Drug Abuse in the Global Village
Drug Abuse in Asia



                        Extent of Drug Abuse

By October 1991, there were a reported 16,186 registered drug abusers in Malaysia. Of these, 79.2 per cent were heroin abusers, 9.9 per cent cannabis (marijuana or ganja) abusers and 5.7 per cent morphine abusers while 5.3 per cent were abusers of other drugs (Malaysia 1992).

            In 1991, a reported 7,790 new drug abusers were identified, in 1992 the figure was 7,750 (Singh, S. 1993). During 1970 to 1990, out of the total 153,000 identified drug abusers, 75 per cent abused heroin (Karim, Dr. R. 1992).

                       Abuser Characteristics

Out of the total drug abusers identified over the period 1978-1986, 22 per cent were females (Commonwealth 1990).

            Most drug abusers (75 per cent) are between 15 and 30 years old, especially in the 25-29 age group. The main reported cause for involvement in drug abuse was peer influence (50.2 per cent) and seeking pleasure (14.4 per cent). About 40 per cent of the abusers were manual workers and 27 per cent were unemployed. Thirty five per cent of the drug dependent abusers had attended at least lower secondary school, 31 per cent upper secondary school and 1.4 per cent college or university (Singh, S. 1993).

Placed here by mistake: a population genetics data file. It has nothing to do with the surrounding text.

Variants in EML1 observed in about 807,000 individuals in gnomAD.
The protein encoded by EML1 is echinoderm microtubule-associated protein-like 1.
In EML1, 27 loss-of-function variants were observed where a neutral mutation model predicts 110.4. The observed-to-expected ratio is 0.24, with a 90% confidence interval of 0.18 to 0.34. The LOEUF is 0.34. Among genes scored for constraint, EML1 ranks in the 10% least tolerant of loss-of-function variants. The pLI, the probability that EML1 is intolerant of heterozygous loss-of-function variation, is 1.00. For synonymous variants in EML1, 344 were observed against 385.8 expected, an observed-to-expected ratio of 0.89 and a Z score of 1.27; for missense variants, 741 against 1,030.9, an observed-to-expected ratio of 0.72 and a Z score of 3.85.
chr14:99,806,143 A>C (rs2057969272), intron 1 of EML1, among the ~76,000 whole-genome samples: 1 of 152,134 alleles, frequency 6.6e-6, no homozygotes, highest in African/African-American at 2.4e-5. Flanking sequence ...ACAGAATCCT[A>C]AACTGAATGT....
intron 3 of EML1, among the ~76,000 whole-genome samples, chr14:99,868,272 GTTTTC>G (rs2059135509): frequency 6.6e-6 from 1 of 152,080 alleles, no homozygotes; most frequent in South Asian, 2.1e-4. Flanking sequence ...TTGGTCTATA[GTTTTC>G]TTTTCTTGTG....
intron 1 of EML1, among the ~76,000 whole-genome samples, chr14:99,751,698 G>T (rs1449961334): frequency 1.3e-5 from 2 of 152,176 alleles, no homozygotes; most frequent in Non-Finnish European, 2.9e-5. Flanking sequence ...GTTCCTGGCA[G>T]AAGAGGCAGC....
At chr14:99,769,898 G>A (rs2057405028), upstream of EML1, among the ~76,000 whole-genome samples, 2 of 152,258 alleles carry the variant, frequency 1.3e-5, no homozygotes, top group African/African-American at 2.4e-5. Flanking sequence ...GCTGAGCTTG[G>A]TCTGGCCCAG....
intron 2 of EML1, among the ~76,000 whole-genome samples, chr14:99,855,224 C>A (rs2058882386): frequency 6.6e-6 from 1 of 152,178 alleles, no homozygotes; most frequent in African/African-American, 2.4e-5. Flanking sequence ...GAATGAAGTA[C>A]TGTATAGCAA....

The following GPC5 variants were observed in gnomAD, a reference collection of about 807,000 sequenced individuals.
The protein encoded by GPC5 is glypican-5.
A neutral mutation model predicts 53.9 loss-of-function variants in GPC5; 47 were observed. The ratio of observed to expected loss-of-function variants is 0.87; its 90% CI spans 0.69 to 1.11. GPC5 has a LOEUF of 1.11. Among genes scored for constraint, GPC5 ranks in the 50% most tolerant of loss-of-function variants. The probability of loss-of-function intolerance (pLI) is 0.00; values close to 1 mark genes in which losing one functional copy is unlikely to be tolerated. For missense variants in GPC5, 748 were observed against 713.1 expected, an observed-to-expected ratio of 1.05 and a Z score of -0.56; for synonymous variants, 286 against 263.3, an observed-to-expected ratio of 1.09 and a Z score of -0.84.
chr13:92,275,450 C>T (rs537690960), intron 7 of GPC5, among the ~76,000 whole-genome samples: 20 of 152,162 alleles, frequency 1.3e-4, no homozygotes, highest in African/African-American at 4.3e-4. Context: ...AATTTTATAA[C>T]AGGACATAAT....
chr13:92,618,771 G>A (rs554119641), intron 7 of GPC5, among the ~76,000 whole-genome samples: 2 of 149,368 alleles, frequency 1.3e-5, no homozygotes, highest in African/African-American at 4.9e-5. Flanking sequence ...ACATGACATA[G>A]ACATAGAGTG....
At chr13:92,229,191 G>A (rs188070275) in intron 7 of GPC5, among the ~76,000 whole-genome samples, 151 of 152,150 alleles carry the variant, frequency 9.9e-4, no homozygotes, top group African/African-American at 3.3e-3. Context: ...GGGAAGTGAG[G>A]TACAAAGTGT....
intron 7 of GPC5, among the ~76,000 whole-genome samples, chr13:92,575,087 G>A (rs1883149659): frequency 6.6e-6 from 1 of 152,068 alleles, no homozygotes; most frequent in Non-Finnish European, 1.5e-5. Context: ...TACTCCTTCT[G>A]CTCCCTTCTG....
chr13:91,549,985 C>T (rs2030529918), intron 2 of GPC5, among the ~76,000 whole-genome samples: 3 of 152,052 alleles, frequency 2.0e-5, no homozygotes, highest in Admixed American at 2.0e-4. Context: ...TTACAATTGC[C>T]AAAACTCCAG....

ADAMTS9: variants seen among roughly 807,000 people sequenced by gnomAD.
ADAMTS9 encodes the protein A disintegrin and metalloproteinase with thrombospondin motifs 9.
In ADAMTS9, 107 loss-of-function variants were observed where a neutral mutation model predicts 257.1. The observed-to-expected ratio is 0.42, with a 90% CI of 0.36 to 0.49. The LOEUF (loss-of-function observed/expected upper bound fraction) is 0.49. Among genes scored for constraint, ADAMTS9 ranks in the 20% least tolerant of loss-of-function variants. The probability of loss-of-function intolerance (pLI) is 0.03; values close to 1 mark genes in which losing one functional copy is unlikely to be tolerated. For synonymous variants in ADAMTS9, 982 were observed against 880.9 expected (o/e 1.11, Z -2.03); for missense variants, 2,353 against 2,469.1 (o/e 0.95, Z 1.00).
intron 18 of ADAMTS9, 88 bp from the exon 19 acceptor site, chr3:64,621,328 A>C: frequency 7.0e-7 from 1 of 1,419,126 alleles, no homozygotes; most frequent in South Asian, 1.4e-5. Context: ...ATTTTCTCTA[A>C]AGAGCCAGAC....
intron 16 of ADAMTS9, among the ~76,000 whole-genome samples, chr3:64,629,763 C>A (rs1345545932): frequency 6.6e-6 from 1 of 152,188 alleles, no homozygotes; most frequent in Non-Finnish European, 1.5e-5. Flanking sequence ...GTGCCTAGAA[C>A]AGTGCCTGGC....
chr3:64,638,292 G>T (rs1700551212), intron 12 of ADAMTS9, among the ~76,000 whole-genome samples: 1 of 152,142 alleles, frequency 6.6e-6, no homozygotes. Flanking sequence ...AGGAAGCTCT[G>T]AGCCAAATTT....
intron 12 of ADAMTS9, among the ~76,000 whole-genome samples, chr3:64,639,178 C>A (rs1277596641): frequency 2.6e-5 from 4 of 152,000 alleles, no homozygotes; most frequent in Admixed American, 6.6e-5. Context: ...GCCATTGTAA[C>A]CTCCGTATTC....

Regional Variations

Most of the heroin abusers are reported from urban areas, while cannabis is more commonly abused in the northern states of Peninsular Malaysia (U.N. 1990).


Some decrease in heroin abuse and some increase in cannabis abuse was reported for 1990 (U.N. 1990).

                             Mode of intake

Cannabis is mainly taken by mouth. Heroin is mostly abused by "chasing the dragon", but is also smoked, injected or sniffed (U.N. 1990).


As Malaysia is a net importer of drugs, valuable foreign exchange resources are being used to purchase drugs (Malaysia 1993).

            By the middle of 1990, 13 AIDS cases were reported from Malaysia (ESCAP 1991).


                           National Strategy

Five laws which are considered stringent and deterrent are used to curb the activities of drug traffickers, abusers and other offenders (Quest 1993).

            As prevention of drug abuse is part of the demand reduction strategy, an overall drug abuse prevention strategy was created in 1983 and reviewed in 1984. The Anti Narcotics Task Force was set up to assist the National Anti Drug Committee (Malaysia 1993; Singh, S. 1993).


                           Treaty adherence